Types of Stock to Know About
Common stock, preferred stock and more ...!
A knowledge of types of stock is important for the value investor as it may have some bearing on buying decisions, not ony what to buy but when to buy.
A common distinction made between companies is in relation to their size which is measured by market capitalization.
It is calculated by multiplying the number of issued shares of a company by its stock price per share.
Small Cap Stock
Small cap in the U.S. refers to stocks with a relatively small market capitalization.
The definition of small cap can vary but generally it refers to a company with a market capitalization of between $300M and $2.0B.
In Australia, a small size company is considered to be from $1M to $250M.
One of the biggest advantages of investing in small-cap stocks is the opportunity to beat institutional investors.
Because mutual funds have restrictions that limit them from buying large portions of any one issuer's outstanding shares, some mutual funds would not be able to give the small cap a meaningful position in the fund.
Mid Cap Stock
Mid cap in the U.S. refers to companies with a market capitalization between $2 billion and $10 billion.
In Australia, medium size companies vary from $251M to $1.0B.
As the name implies, a mid-cap company is in the middle of the pack between large-cap and small-cap companies.
Large Cap Stock
Large cap is a term used by the U.S. investment community to refer to companies with a market capitalization value of more than $10 billion.
The dollar amounts used for the classifications large cap, mid cap, or small cap are only approximations that change over time.
Among market participants and between countries, their definitions vary.
The important consideration for value investors is not so much market capitalization of these types of stock, but trading volume and liquidity.
Both of these tend to increase with size.
Income stock are shares in companies that historically pay larger dividends compared to other types of stock.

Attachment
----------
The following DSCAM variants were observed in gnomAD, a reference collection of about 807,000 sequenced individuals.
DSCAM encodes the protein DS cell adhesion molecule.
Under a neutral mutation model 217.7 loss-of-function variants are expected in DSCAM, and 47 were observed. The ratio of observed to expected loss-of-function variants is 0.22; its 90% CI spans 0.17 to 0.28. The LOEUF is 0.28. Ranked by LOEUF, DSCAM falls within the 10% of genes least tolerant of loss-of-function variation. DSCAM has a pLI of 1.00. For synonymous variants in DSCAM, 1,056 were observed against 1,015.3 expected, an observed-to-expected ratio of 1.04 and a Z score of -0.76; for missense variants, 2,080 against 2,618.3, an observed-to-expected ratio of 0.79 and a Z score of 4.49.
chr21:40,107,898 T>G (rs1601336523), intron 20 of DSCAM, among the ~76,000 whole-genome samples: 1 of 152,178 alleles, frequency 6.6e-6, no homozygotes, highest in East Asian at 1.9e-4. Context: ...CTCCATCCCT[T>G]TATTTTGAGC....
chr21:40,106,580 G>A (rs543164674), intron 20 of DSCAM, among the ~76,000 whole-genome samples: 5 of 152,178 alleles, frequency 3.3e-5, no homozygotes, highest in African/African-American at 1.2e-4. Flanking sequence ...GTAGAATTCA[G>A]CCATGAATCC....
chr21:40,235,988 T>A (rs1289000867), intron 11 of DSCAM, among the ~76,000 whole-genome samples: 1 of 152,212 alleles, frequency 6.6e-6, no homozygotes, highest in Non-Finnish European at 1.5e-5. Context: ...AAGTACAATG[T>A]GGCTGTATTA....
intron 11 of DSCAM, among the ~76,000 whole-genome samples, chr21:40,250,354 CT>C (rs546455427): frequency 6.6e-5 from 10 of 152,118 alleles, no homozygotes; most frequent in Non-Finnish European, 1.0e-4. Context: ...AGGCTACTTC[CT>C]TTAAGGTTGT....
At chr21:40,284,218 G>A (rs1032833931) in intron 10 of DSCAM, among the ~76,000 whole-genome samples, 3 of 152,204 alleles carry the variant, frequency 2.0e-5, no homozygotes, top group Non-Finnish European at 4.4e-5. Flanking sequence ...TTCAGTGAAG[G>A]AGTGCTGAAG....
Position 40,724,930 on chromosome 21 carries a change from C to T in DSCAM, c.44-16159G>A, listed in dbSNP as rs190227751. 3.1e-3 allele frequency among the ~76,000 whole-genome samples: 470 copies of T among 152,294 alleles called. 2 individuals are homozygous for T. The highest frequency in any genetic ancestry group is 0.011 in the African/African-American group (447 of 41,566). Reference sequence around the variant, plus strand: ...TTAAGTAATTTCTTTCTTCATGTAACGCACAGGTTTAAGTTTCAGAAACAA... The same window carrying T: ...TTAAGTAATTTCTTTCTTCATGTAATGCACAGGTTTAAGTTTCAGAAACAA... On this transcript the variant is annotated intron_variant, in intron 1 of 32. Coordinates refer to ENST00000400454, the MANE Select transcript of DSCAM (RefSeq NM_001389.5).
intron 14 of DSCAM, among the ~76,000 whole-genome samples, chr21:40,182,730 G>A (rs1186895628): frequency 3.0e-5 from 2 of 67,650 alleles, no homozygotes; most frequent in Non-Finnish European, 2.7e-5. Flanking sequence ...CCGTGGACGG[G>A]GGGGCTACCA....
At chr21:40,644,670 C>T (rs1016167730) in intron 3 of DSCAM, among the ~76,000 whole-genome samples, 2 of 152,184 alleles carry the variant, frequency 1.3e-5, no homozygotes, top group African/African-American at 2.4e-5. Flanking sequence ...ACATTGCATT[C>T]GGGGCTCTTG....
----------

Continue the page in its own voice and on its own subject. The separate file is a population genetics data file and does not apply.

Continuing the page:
This type of stock can be used to generate income without having to sell the share.
The dividend yield indicates the price of the share relative to the stock price. Income stocks have higher dividend yields.
Growth stock are those types of stock relating to entrepreneurial companies experiencing a faster rate of growth than their sector.
They are generally identified by lower dividend yields and are commonly involved in acquisitions of other companies (company takeovers).
Growth companies can be more difficult to value as takeovers involve risk and quite often destroy value.
I look for companies with a history of successful takeovers before considering an investment in a growth company.
Keeping an eye on the return on equity (ROE) employed by the company is one way to determine whether the takeover added shareholder value or whether it simply increased the ego of the company CEO at the expense of the shareholder.
Blue Chip Stock
Blue-chip stock generally refer to companies that have a long history of growth and stability.
Coca Cola and Gillette were two of Warren Buffett's favorites - companies that he would consider to hold forever.
Woolworths and Cochlear are Australian companies that might be given this label.
This type of company is expected to pay regular dividends and have a steady growth in earnings per share.
But of course nothing in this world remains the same forever and the term 'blue chip' is really a misnomer as strange things have happened to so-called blue-chip companies in the past.
Enron comes to mind!
So value investors need to assess types of stock not by the label someone prefers to put on them, but by their financial performance over time and the honesty and integrity of the company executives.
Some company shares are affected significantly by economic trends over time and are referred to as cyclical stock.
Mining companies, home-building and heavy machinery companies come to mind.
A value investor would look to buy this type of company at the bottom of the cycle when others have lost interest because of the economic gloom, and get out when the economy is going gang busters.
Defensive stock are really the opposite of cyclical stock as they tend to maintain more of their value during economic downturns.
Think of the staples that people will always need like food, insurance and pharmaceuticals and you will be able to identify this type of company.
Value investors would hold some defensive stocks to reduce the volatility of their portfolios and to prepare for the inevitable downturn after periods of market over-exuberance.
Ordinary Shares or Common Stock
Ordinary shares or common stocks are any shares/stocks that are not preferred stocks and do not have any predetermined dividend amounts.
An ordinary share entitles the owner to a vote in matters put before shareholders in proportion to their percentage ownership in the company.
Preferred stocks or preferred shares in a company have a higher claim on the assets and earnings than common (ordinary) stock.
While preferred stockholders have priority over common stockholders on earnings and assets in the event of liquidation, and they have a fixed dividend (paid before common stockholders), they give up their voting rights and have less potential for appreciation compared to common stockholders.
By having knowledge of the types of stock, value investors are in a better position to discover value among the variety of stocks available on the market, and so potentially to become more successful investors.
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